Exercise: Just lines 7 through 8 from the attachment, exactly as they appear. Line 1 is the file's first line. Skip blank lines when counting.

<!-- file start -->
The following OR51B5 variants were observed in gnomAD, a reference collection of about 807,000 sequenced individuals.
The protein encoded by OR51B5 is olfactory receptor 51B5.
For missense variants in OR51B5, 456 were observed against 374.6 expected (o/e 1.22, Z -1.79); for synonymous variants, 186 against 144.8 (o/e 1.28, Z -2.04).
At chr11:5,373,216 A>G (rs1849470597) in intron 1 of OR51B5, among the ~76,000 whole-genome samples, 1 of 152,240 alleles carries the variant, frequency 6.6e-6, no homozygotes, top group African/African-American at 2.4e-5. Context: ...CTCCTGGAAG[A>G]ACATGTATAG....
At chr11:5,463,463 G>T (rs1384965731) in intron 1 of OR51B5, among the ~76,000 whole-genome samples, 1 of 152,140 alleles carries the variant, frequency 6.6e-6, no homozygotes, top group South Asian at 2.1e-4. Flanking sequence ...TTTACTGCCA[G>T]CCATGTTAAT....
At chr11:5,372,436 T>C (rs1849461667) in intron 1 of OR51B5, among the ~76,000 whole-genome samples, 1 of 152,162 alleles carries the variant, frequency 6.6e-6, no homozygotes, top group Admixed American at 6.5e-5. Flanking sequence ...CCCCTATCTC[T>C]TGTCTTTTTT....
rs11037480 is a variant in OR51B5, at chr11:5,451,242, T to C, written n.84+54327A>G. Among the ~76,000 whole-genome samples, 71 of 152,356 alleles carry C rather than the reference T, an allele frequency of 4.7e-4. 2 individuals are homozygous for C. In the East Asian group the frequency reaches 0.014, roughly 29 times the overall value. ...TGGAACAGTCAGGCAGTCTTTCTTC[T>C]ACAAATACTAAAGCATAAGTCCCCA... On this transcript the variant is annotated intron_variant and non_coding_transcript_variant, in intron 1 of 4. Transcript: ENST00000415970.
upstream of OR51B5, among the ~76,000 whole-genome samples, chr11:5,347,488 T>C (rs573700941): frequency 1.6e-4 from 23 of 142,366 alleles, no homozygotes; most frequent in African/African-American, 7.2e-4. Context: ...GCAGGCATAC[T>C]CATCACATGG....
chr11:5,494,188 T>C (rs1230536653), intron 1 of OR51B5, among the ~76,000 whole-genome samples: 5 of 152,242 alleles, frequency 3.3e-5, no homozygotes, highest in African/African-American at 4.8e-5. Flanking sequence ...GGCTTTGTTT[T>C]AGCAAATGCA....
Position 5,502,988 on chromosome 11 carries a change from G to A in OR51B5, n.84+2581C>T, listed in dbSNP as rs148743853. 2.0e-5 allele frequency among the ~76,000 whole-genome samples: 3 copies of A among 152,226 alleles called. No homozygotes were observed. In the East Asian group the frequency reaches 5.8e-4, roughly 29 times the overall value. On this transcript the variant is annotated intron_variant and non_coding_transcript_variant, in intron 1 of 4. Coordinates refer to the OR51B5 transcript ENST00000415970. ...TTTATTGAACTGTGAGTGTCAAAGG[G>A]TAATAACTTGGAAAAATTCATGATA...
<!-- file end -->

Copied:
rs11037480 is a variant in OR51B5, at chr11:5,451,242, T to C, written n.84+54327A>G. Among the ~76,000 whole-genome samples, 71 of 152,356 alleles carry C rather than the reference T, an allele frequency of 4.7e-4. 2 individuals are homozygous for C. In the East Asian group the frequency reaches 0.014, roughly 29 times the overall value. ...TGGAACAGTCAGGCAGTCTTTCTTC[T>C]ACAAATACTAAAGCATAAGTCCCCA... On this transcript the variant is annotated intron_variant and non_coding_transcript_variant, in intron 1 of 4. Transcript: ENST00000415970.
upstream of OR51B5, among the ~76,000 whole-genome samples, chr11:5,347,488 T>C (rs573700941): frequency 1.6e-4 from 23 of 142,366 alleles, no homozygotes; most frequent in African/African-American, 7.2e-4. Context: ...GCAGGCATAC[T>C]CATCACATGG....